-Overall. Including the 20th Century data, we still see positive correlation.

Exhibit 2 is a good visual for performance in “headline” scenarios but for optimization we need a better “stress gauge” to determine PMC portfolio allocation.

The model’s largest determinants of economic strain (“Stress”) are currently the expected change in inflation and the expected change in Debt/GDP.  The “trip switch” for economic pressure involves both science and art. CSPM™ studied drastic historical price declines, national debt and inflation volatility, inverted yields curves and high levels of unemployment and the favorable performance of assets during those periods. CSPM™ evaluates 169 one-year change periods from 1980 to 2023.  25% of periods (43/169) were determined maximum “Stress” by either:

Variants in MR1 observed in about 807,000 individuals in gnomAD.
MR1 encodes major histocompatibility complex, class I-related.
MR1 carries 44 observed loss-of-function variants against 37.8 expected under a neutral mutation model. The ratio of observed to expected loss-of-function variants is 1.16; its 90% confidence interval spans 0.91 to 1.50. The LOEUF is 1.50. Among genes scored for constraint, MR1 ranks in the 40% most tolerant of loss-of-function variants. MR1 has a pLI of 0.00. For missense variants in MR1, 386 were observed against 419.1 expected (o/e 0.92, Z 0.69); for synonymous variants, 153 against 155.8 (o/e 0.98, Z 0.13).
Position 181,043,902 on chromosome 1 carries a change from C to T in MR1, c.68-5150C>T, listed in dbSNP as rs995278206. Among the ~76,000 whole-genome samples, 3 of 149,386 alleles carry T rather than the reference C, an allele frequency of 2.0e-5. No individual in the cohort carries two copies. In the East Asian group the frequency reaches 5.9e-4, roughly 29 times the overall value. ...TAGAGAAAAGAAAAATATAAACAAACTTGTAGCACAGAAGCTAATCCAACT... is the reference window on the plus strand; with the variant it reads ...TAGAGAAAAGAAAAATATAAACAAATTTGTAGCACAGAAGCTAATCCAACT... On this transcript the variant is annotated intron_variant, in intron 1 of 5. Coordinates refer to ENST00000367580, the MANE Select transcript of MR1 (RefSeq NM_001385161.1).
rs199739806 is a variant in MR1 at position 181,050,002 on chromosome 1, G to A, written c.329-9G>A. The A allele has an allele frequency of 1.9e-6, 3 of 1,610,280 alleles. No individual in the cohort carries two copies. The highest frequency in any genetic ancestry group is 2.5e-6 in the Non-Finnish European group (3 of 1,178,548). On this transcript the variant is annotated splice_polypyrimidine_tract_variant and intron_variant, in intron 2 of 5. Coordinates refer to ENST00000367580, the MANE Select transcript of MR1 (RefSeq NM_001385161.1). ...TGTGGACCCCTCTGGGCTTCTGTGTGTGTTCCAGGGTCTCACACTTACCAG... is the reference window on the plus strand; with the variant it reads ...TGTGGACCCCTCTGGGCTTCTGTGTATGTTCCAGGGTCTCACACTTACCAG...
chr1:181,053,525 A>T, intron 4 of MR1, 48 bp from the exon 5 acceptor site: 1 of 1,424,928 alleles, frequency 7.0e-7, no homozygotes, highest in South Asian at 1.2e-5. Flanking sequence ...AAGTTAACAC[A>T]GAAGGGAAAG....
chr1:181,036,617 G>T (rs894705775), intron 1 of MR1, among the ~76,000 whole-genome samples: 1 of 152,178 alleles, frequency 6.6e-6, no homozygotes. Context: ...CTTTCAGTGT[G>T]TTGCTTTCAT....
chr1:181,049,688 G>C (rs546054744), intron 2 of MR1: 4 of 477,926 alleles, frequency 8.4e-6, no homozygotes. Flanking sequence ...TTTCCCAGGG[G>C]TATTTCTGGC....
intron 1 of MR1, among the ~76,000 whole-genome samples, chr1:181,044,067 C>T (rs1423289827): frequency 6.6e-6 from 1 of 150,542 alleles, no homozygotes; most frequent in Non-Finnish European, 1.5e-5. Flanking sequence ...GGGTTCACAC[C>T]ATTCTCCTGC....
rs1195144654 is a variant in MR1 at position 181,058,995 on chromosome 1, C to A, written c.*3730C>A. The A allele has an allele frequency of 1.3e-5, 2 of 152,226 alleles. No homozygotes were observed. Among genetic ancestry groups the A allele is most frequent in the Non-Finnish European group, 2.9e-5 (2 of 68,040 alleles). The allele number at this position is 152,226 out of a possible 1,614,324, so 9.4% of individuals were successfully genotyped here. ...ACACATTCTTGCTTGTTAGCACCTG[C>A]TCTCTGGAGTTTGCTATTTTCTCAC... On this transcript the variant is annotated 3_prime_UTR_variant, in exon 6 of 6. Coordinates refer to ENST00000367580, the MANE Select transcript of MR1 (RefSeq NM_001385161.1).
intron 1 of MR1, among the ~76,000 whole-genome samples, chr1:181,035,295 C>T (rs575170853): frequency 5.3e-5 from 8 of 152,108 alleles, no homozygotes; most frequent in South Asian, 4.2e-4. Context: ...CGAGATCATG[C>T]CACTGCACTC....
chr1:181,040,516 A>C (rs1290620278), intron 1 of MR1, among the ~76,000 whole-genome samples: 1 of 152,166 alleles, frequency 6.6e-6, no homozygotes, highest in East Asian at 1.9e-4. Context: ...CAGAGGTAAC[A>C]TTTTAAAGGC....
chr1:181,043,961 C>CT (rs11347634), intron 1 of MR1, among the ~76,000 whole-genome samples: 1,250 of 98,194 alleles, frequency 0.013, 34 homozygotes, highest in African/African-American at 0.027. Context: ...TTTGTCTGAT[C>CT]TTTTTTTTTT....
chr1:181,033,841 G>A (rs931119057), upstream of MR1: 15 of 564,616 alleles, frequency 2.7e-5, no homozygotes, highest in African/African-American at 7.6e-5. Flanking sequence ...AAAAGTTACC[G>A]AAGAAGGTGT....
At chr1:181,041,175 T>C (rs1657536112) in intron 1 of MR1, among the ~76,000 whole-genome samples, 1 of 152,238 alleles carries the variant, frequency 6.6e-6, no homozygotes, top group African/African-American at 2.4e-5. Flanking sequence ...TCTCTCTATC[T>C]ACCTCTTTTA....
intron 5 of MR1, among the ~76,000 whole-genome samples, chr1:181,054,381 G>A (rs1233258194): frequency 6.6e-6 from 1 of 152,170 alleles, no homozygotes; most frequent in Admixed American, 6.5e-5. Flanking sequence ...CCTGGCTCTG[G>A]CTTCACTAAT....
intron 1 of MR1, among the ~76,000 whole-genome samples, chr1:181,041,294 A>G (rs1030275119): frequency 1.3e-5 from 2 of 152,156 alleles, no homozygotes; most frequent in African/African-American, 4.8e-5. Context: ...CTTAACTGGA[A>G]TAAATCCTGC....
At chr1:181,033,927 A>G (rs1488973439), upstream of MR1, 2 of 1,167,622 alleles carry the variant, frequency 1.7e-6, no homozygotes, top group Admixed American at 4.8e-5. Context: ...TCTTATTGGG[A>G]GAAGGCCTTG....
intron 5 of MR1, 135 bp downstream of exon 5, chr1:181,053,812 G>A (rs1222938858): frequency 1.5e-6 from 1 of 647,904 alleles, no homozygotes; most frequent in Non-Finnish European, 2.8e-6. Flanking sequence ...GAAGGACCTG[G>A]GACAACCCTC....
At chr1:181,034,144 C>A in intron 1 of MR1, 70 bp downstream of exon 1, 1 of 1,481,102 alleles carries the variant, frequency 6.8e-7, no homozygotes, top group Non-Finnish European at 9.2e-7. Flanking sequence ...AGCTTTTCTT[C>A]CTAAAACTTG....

• a 2.5X increase in inflation or a greater than 10% growth in the Debt/GDP. (currency/economic growth risk) 
  • A Stock Market quarterly decline of 10% (equity risk).
  • CCC Bond decline of 10% (credit risk).

PMC and long-term bonds perform well in our economic downturn cases.  There is no perfect hedge, yet history suggests a negative correlation to equities, in extreme scenarios. Prior to integrating PMC to the CSPM™ these results suggest that the addition will be favorable to the return/risk profile. Based on our expectation for continued higher inflation and government spending, we see our “stress gauge” in the 80th percentile (100% being a “Stress” period; 50% and below considered “Normal”). This stress reading added to the CSPM™ (see below) dictates both the maximum allocation for metals and those associated with varying investor risk levels.


PMC’s correlation, variance (risk), and allocation to other asset classes such as stocks is determined by CSPM™ “optimization.”  Setting risk limits is in the eye of the beholder. Surely there are Bond, Stock, and Metals “bulls” that consider their markets less risky (or defensive) due to comfort within their favored spaces. We abide by the notion that lower standard deviation and lower risk are synonymous and applied to all investment sectors.